Opened in February of 2006, this is the newest and largest of Hawaii’s three planetariums. The ‘Imiloa Astronomy Center of Hawaii takes its name from “ `imiloa,” the Hawaiian word that means “explorer” or “seeker of profound truth.” Located above the University of Hawaii-Hilo and featuring spectacular views of Hilo Bay, its dramatic titanium-clad exterior features three metallic cones piercing the exterior roof line—they are meant as an abstraction of the island’s three volcanoes (Mauna Kea, Mauna Loa, and Hualalai) but also unintentionally bring to mind Madonna’s famous bra.
The full dome planetarium is among the most technologically advanced in the U.S., and the display hall holds nearly 100 exhibits. The planetarium boasts a state-of-the-art digital theater system with six-channel surround sound and an interactive console at each seat. The show, “Maunakea: Between Earth and Sky,” is a 22- minutes talk-story film about the island’s birth. Among the things we learn are that having observatories on Hawaii’s loftiest sacred summit is controversial, and that there are more stars in the universe than there are grains of sand on the earth’s beaches. Simple fun is added at the conclusion with trips into a blackhole and along the surface of a mobius strip.
Visitors enter the exhibit hall through a simulated koa forest. All displays are explained in both English and Hawaiian. A reproduction of Mauna Kea shows the location of sacred Lake Wai’au, where some locals still make a pilgrimage to place their baby’s umbilical cord as acknowledgement of their origin. A multimedia theater presents the Kumulipo Hawaiian Chant of Origins, which chronicles the birth of life as it emerges from the dark sea and features fish “swimming” right off the screen. With hands-on exhibits that are both educational and intriguing and that encourage exploration of space, the main exhibit hall explains the origins of the universe.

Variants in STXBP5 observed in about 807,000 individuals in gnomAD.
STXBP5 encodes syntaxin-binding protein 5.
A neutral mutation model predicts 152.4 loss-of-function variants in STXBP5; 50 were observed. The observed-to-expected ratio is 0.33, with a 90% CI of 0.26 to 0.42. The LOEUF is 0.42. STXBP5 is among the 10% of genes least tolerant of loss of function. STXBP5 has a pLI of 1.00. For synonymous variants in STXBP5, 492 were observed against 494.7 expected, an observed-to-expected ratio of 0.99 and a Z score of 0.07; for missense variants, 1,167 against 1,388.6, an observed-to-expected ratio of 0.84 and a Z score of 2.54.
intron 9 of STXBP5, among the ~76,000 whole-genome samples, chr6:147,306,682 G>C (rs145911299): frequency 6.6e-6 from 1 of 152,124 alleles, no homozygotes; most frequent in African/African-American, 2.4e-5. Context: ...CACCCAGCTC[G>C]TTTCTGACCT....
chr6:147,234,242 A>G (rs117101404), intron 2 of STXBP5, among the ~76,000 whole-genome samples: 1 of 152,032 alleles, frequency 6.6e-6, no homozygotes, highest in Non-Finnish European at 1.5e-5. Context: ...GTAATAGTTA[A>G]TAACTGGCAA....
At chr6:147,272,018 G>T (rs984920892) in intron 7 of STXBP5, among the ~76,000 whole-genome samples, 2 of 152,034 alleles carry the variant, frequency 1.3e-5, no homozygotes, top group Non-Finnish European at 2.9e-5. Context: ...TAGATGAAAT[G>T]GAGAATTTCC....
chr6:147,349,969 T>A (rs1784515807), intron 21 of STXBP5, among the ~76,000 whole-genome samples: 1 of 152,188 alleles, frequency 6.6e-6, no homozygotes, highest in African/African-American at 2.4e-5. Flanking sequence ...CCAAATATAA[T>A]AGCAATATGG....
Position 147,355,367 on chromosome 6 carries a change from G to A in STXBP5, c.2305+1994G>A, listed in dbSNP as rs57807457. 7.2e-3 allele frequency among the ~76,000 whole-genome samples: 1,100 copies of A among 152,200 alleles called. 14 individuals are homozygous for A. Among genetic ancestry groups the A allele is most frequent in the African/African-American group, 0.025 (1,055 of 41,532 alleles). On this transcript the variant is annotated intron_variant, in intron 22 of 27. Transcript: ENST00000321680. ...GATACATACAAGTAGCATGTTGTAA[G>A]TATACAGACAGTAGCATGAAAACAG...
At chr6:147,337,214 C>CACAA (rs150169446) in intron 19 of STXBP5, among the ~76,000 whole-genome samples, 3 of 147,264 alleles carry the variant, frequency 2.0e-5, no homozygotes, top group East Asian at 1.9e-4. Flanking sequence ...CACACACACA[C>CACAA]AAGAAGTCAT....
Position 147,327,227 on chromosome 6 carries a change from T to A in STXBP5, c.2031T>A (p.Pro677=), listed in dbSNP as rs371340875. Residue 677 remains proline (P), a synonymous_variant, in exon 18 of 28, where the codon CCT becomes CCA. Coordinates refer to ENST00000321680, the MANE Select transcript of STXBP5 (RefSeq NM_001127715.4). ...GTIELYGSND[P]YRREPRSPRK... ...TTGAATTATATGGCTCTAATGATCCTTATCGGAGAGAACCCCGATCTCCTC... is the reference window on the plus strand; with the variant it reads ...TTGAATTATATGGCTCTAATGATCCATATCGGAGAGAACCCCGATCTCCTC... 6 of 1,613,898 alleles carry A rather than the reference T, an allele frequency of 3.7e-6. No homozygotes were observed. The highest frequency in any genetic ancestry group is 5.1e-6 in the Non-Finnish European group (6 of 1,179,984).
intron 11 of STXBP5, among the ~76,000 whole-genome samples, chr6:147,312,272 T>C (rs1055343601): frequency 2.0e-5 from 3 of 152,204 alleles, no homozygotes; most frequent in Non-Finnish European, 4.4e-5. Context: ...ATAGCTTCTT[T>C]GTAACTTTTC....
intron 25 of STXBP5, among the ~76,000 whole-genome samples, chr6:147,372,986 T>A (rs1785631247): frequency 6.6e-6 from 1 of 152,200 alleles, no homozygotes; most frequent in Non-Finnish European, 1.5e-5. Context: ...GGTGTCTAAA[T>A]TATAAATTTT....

Among the gems in the ocean of exhibits and charts here are Astronomical Origins, which lets visitors step inside a silo to be scanned and learn the history of an atom inside their body, and Sampan Taxi, which takes you on a robot-guided tour to Pluto. Finally, the 3-D show “Voyage Through Space” takes you back in time to the Big Bang origins of the universe; the computer simulation is based on real output from the Subaru Telescope.
Visitors can also stroll through the center’s surrounding gardens--one of the largest and most diverse collections of native Hawaiian and “canoe” plants (vegetation brought by early Polynesian navigators) found in the islands.
The bay-view Sky Garden Restaurant serves hearty artisan bread sandwiches and soups along with pizzas, salads, and hot entrées. It also features 100-percent Hawaiian coffee, smoothies, and shakes.
|exterior of ‘Imiloa Astronomy Center of Hawaii in Hilo|
|lobby floor mosaic at ‘Imiloa Astronomy Center of Hawaii in Hilo|
|exhibit at ‘Imiloa Astronomy Center of Hawaii in Hilo|
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images ©2015 Carole Terwilliger Meyers